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I have a class that is a leaf in the composite pattern. This class has a property that can be either of type A or type B. Their only common interface is of type Object.

How should I support this.

I can

  1. have a add method for each type. That would however mean that I should have two properties of type A and B and should check for null when I want to get the right property.

  2. have one property of type of Object. That would mean I had to check to see which kind of instance it is when I get the property.

What is the best solution for this type of problem? Or any better solutions?

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up vote 1 down vote accepted

Personally I would choose the single Object property approach. Document what types of objects the property may return, and let the calling code use the available language features to determine the object type, and cast as necessary. Implementing two properties is kinda reinventing the "is-a" operator of your language, and will quickly become unmanageable if you ever need to add more possible types.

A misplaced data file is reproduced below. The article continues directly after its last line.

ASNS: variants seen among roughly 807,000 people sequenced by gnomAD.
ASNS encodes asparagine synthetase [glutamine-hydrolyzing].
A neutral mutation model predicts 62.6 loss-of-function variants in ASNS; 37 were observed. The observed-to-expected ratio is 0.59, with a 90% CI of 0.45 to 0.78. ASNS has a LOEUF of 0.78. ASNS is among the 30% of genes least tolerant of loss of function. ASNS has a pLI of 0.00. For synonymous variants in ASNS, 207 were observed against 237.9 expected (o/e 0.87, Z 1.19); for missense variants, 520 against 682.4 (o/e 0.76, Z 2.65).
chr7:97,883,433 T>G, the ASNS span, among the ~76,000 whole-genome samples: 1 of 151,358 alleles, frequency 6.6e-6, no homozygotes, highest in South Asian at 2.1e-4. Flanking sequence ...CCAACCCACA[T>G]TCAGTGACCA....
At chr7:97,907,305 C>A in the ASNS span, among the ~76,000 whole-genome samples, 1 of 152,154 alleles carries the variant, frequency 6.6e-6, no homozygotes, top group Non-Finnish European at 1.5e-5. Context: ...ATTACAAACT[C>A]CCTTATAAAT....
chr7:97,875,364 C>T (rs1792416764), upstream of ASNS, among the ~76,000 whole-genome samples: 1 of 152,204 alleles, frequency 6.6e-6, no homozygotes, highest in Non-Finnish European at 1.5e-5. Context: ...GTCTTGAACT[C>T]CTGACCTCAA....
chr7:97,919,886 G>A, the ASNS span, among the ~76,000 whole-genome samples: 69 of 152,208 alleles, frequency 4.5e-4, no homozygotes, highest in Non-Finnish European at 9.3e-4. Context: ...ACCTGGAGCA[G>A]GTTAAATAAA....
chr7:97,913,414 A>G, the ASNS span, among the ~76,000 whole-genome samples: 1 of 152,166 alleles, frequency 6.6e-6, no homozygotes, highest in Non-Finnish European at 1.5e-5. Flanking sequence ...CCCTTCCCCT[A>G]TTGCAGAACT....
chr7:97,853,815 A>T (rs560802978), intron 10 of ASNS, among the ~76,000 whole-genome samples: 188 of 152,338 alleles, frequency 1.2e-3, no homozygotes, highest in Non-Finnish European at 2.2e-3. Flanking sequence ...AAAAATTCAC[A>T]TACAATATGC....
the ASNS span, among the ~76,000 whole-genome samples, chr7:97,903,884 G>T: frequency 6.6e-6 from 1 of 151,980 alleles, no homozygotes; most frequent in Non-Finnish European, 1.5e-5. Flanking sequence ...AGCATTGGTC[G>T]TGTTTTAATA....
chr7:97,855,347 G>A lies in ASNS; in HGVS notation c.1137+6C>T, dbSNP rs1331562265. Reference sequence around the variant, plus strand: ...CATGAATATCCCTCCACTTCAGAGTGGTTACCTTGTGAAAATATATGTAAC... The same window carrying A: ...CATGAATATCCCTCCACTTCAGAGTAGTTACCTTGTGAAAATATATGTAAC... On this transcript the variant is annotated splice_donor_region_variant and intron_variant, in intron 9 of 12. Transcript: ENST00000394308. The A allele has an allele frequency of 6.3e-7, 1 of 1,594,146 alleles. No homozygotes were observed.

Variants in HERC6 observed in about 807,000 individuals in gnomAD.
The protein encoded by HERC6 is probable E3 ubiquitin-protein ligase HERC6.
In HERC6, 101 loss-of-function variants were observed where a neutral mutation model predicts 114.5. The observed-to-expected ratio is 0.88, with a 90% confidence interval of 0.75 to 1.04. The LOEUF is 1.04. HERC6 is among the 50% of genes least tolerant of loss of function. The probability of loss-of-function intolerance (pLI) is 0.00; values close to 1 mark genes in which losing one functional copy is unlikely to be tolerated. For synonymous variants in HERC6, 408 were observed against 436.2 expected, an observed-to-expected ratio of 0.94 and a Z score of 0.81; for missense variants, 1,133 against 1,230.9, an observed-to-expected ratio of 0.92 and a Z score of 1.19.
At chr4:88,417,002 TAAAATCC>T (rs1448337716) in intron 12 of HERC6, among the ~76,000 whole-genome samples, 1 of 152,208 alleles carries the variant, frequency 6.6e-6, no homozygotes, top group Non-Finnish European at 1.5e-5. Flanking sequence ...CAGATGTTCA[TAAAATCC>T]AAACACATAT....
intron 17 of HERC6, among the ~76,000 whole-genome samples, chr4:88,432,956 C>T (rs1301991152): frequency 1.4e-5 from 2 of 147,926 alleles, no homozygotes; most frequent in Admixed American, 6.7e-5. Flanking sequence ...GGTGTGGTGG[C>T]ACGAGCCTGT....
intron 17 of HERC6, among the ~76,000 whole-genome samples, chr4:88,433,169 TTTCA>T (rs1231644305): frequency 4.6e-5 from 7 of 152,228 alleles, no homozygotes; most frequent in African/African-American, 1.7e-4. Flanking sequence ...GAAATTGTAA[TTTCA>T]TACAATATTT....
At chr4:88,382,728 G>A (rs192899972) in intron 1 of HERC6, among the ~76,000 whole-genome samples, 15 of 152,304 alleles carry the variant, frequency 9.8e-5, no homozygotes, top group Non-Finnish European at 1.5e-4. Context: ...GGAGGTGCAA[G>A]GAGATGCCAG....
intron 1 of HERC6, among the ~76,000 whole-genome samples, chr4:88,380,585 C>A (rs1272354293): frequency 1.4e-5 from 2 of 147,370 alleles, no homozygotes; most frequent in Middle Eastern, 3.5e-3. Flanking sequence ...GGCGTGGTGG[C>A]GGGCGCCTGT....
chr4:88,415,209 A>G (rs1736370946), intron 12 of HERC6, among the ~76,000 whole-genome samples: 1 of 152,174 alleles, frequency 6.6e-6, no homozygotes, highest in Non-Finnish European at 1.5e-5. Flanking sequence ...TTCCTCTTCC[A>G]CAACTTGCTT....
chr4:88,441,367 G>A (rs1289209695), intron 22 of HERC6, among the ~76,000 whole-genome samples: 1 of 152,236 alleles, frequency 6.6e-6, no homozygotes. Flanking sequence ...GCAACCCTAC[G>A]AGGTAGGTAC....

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Well if you are using a language that supports type abstraction (like Generics in Java or Templates in C++) you can just set that property as a generic type. If not, use Object, Having a method for each type is just an ugly hack (and unmaintanable, if you add more types later).

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I believe the OP is indicating a case where generics would not be applicable; e.g. not everyone who handles the object will know in advance what type of object it will contain, and you would have to know the generic argument in advance to use the type. – cdhowie Jan 14 '11 at 14:42

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